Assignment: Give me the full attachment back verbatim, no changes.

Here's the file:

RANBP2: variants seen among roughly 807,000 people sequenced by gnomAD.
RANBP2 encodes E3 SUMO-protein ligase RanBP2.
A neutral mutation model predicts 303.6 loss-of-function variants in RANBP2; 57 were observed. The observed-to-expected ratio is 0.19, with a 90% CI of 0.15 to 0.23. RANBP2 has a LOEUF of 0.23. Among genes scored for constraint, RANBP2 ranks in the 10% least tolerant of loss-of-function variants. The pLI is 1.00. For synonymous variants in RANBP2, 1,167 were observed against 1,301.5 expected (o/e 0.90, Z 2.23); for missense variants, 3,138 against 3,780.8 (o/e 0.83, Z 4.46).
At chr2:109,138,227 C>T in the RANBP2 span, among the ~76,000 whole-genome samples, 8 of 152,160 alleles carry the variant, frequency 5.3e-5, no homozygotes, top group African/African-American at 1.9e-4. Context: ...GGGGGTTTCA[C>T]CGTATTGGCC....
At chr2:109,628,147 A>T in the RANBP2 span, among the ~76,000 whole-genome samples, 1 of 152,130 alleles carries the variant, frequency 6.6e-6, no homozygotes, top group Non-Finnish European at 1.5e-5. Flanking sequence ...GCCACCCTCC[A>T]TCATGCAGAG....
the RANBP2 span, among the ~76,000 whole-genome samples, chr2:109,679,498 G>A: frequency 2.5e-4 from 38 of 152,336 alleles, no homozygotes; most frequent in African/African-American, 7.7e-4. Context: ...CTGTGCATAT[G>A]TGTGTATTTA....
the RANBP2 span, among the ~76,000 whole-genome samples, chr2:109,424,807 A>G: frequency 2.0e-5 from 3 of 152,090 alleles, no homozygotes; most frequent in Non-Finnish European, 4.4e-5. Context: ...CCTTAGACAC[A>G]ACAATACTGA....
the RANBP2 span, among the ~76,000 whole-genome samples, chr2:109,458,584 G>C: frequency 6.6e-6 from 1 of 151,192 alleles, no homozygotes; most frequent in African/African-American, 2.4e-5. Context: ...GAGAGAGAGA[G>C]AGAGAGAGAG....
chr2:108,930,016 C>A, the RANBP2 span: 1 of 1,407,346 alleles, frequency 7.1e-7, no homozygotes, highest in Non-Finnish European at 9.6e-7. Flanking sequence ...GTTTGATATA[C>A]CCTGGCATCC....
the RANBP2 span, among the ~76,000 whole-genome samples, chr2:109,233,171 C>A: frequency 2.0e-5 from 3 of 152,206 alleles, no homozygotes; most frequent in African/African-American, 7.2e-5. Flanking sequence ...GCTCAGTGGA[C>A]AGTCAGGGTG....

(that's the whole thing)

RANBP2: variants seen among roughly 807,000 people sequenced by gnomAD.
RANBP2 encodes E3 SUMO-protein ligase RanBP2.
A neutral mutation model predicts 303.6 loss-of-function variants in RANBP2; 57 were observed. The observed-to-expected ratio is 0.19, with a 90% CI of 0.15 to 0.23. RANBP2 has a LOEUF of 0.23. Among genes scored for constraint, RANBP2 ranks in the 10% least tolerant of loss-of-function variants. The pLI is 1.00. For synonymous variants in RANBP2, 1,167 were observed against 1,301.5 expected (o/e 0.90, Z 2.23); for missense variants, 3,138 against 3,780.8 (o/e 0.83, Z 4.46).
At chr2:109,138,227 C>T in the RANBP2 span, among the ~76,000 whole-genome samples, 8 of 152,160 alleles carry the variant, frequency 5.3e-5, no homozygotes, top group African/African-American at 1.9e-4. Context: ...GGGGGTTTCA[C>T]CGTATTGGCC....
At chr2:109,628,147 A>T in the RANBP2 span, among the ~76,000 whole-genome samples, 1 of 152,130 alleles carries the variant, frequency 6.6e-6, no homozygotes, top group Non-Finnish European at 1.5e-5. Flanking sequence ...GCCACCCTCC[A>T]TCATGCAGAG....
the RANBP2 span, among the ~76,000 whole-genome samples, chr2:109,679,498 G>A: frequency 2.5e-4 from 38 of 152,336 alleles, no homozygotes; most frequent in African/African-American, 7.7e-4. Context: ...CTGTGCATAT[G>A]TGTGTATTTA....
the RANBP2 span, among the ~76,000 whole-genome samples, chr2:109,424,807 A>G: frequency 2.0e-5 from 3 of 152,090 alleles, no homozygotes; most frequent in Non-Finnish European, 4.4e-5. Context: ...CCTTAGACAC[A>G]ACAATACTGA....
the RANBP2 span, among the ~76,000 whole-genome samples, chr2:109,458,584 G>C: frequency 6.6e-6 from 1 of 151,192 alleles, no homozygotes; most frequent in African/African-American, 2.4e-5. Context: ...GAGAGAGAGA[G>C]AGAGAGAGAG....
chr2:108,930,016 C>A, the RANBP2 span: 1 of 1,407,346 alleles, frequency 7.1e-7, no homozygotes, highest in Non-Finnish European at 9.6e-7. Flanking sequence ...GTTTGATATA[C>A]CCTGGCATCC....
the RANBP2 span, among the ~76,000 whole-genome samples, chr2:109,233,171 C>A: frequency 2.0e-5 from 3 of 152,206 alleles, no homozygotes; most frequent in African/African-American, 7.2e-5. Flanking sequence ...GCTCAGTGGA[C>A]AGTCAGGGTG....